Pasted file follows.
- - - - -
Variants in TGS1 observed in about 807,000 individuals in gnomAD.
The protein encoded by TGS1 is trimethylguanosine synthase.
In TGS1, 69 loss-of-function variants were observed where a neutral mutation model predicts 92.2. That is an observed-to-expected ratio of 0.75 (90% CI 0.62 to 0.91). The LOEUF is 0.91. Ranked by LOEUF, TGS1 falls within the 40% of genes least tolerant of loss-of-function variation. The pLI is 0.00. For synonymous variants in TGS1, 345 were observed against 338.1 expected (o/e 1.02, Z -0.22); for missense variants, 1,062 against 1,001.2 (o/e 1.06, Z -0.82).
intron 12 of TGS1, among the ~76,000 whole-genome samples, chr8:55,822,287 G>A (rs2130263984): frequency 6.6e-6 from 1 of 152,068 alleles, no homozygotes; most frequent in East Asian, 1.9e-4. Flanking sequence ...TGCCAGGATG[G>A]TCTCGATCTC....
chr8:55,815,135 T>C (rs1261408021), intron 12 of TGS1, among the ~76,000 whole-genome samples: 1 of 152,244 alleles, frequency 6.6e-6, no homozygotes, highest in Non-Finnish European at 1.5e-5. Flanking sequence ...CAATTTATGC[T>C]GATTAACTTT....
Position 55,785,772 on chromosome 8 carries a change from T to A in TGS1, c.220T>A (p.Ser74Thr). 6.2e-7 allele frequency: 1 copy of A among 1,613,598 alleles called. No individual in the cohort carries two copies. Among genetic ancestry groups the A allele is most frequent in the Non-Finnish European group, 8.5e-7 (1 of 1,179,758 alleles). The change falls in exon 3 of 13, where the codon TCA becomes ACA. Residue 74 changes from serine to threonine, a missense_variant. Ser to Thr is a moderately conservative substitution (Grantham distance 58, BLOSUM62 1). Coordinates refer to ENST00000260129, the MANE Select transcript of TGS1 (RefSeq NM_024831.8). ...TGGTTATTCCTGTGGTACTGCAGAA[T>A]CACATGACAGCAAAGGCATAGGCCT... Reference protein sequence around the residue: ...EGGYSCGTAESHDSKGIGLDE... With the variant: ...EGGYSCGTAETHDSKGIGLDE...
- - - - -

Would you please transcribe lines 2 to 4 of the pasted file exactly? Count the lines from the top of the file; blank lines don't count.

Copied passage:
The protein encoded by TGS1 is trimethylguanosine synthase.
In TGS1, 69 loss-of-function variants were observed where a neutral mutation model predicts 92.2. That is an observed-to-expected ratio of 0.75 (90% CI 0.62 to 0.91). The LOEUF is 0.91. Ranked by LOEUF, TGS1 falls within the 40% of genes least tolerant of loss-of-function variation. The pLI is 0.00. For synonymous variants in TGS1, 345 were observed against 338.1 expected (o/e 1.02, Z -0.22); for missense variants, 1,062 against 1,001.2 (o/e 1.06, Z -0.82).
intron 12 of TGS1, among the ~76,000 whole-genome samples, chr8:55,822,287 G>A (rs2130263984): frequency 6.6e-6 from 1 of 152,068 alleles, no homozygotes; most frequent in East Asian, 1.9e-4. Flanking sequence ...TGCCAGGATG[G>A]TCTCGATCTC....